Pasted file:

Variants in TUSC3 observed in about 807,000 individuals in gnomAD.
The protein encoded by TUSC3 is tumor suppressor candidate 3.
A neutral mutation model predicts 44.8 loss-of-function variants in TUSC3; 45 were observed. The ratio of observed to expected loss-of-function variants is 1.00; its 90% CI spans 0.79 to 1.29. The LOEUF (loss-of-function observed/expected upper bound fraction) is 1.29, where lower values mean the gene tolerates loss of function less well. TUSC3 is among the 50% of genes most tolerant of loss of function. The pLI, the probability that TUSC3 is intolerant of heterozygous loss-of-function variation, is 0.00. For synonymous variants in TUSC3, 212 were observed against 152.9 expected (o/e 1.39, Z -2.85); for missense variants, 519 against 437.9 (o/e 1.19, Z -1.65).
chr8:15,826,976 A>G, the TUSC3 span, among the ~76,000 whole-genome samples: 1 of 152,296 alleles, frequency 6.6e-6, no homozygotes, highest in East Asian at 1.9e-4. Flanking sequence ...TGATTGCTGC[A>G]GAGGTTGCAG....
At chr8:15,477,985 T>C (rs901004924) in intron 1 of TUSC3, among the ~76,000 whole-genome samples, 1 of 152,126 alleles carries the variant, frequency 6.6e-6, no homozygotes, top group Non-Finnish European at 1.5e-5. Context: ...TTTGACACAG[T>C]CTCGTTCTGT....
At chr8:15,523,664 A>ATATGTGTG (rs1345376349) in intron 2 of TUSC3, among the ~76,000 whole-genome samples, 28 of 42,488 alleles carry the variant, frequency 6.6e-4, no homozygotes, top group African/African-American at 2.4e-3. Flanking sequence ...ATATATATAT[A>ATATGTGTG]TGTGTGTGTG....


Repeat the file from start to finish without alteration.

Variants in TUSC3 observed in about 807,000 individuals in gnomAD.
The protein encoded by TUSC3 is tumor suppressor candidate 3.
A neutral mutation model predicts 44.8 loss-of-function variants in TUSC3; 45 were observed. The ratio of observed to expected loss-of-function variants is 1.00; its 90% CI spans 0.79 to 1.29. The LOEUF (loss-of-function observed/expected upper bound fraction) is 1.29, where lower values mean the gene tolerates loss of function less well. TUSC3 is among the 50% of genes most tolerant of loss of function. The pLI, the probability that TUSC3 is intolerant of heterozygous loss-of-function variation, is 0.00. For synonymous variants in TUSC3, 212 were observed against 152.9 expected (o/e 1.39, Z -2.85); for missense variants, 519 against 437.9 (o/e 1.19, Z -1.65).
chr8:15,826,976 A>G, the TUSC3 span, among the ~76,000 whole-genome samples: 1 of 152,296 alleles, frequency 6.6e-6, no homozygotes, highest in East Asian at 1.9e-4. Flanking sequence ...TGATTGCTGC[A>G]GAGGTTGCAG....
At chr8:15,477,985 T>C (rs901004924) in intron 1 of TUSC3, among the ~76,000 whole-genome samples, 1 of 152,126 alleles carries the variant, frequency 6.6e-6, no homozygotes, top group Non-Finnish European at 1.5e-5. Context: ...TTTGACACAG[T>C]CTCGTTCTGT....
At chr8:15,523,664 A>ATATGTGTG (rs1345376349) in intron 2 of TUSC3, among the ~76,000 whole-genome samples, 28 of 42,488 alleles carry the variant, frequency 6.6e-4, no homozygotes, top group African/African-American at 2.4e-3. Flanking sequence ...ATATATATAT[A>ATATGTGTG]TGTGTGTGTG....